fox in the modern style. Very soon after this it became the fashion
of the day to breed hounds. Many of the nobility and large landowners
devoted much of their time and money to it, and would take long
journeys to get fresh blood. It was the rule to breed hounds on the
most scientific principles, and by 1750 there were fifty such
breeders, including the fifth Duke of Beaufort, Lord Lincoln, Lord
Stamford, Lord Percival, Lord Granby, Lord Ludlow, Lord Vernon, Lord
Carlisle, Lord Mexbro, Sir Walter Vavasour, Sir Roland Winns, Mr.
Noel, Mr. Stanhope, Mr. Meynell, Mr. Barry, and Mr. Charles Pelham.
The last-named gentleman, afterward the first Lord Yarborough, was
perhaps the most indefatigable of all, as he was the first to start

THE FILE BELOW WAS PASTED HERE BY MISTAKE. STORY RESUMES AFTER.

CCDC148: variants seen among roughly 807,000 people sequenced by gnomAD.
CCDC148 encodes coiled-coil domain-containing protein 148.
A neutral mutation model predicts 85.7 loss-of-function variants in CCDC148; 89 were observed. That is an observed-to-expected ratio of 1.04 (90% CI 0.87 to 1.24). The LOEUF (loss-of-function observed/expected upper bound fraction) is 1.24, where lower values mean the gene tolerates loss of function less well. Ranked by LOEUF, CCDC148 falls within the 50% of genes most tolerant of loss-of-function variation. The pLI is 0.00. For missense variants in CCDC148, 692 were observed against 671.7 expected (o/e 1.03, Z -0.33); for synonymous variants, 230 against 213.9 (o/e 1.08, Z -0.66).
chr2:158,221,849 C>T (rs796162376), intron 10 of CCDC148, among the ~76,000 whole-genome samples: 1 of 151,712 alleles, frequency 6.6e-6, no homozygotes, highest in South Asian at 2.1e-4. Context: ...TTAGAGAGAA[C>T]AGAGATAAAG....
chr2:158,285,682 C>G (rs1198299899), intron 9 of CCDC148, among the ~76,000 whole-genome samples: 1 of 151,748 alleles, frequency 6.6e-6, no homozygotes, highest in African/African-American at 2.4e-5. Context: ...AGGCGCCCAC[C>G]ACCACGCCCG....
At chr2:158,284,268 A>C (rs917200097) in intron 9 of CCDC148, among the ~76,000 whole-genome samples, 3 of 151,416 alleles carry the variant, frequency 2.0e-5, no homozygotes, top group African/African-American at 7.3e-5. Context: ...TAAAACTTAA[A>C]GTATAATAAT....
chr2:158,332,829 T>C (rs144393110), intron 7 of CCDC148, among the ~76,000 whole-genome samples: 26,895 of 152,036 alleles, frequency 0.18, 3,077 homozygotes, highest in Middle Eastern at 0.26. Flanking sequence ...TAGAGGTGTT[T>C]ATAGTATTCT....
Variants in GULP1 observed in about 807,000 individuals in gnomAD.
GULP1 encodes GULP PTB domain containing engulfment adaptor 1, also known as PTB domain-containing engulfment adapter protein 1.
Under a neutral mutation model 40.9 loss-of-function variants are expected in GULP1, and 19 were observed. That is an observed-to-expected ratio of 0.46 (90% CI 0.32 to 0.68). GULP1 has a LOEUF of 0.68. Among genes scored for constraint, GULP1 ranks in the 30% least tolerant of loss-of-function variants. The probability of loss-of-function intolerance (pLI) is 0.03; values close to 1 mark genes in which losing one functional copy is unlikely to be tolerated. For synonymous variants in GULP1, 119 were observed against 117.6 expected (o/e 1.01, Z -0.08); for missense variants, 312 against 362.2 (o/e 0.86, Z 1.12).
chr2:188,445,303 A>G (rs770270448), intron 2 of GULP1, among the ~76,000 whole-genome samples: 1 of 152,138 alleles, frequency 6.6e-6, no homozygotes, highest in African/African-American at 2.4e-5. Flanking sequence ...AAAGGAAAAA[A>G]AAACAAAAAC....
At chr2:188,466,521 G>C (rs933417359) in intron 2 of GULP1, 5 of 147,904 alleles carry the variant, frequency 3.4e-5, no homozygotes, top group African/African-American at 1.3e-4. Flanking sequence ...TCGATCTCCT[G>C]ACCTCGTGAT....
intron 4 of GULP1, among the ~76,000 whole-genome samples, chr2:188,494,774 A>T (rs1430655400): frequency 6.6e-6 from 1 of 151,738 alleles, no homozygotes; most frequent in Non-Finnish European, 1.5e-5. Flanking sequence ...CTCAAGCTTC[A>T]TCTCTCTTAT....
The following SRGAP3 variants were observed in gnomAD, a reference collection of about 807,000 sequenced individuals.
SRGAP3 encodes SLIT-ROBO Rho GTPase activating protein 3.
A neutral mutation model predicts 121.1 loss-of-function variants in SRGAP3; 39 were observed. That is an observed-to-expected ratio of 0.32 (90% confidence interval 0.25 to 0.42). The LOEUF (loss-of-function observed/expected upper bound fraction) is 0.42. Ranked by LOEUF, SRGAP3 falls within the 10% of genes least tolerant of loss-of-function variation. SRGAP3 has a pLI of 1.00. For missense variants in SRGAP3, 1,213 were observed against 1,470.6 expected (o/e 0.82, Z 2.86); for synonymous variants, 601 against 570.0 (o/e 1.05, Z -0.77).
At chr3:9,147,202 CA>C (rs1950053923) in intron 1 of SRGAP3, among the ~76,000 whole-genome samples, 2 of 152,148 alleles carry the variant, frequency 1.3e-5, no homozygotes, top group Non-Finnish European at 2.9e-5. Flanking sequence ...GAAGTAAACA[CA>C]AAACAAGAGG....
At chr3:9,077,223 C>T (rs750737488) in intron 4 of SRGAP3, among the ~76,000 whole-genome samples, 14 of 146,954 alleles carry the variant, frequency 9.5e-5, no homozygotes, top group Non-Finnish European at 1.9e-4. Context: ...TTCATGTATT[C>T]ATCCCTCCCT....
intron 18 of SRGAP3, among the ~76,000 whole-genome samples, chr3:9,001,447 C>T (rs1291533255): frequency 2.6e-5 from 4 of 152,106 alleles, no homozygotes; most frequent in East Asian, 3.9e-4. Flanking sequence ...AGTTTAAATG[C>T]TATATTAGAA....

the system of walking puppies amongst his tenantry, on the Brocklesby
estates, and of keeping lists of hound pedigrees and ages. By 1760
all the above-named noblemen and gentlemen had been breeding from
each other's kennels. The hounds were registered, as can be seen now
in Lord Middleton's private kennel stud book, through which his
lordship can trace the pedigrees of his present pack for a hundred
and sixty years to hounds that were entered in 1760, got by Raytor,
son of Merryman and grandson of Lord Granby's Ranter. Another pedigree
was that of Ruby, who is credited with a numerous progeny, as she
was by Raytor out of Mr. Stapleton's Cruel by Sailor, a son of Lord
Granby's Sailor by Mr. Noel's Victor. This shows well how seriously
Foxhound breeding was gone into before the middle of the eighteenth
century. Portraits prove also that a hound approaching very closely
to those of modern times had been produced at this early period. By
such evidence the Foxhound had outstripped the Harrier in size by
nearly five inches, as the latter does not appear to have been more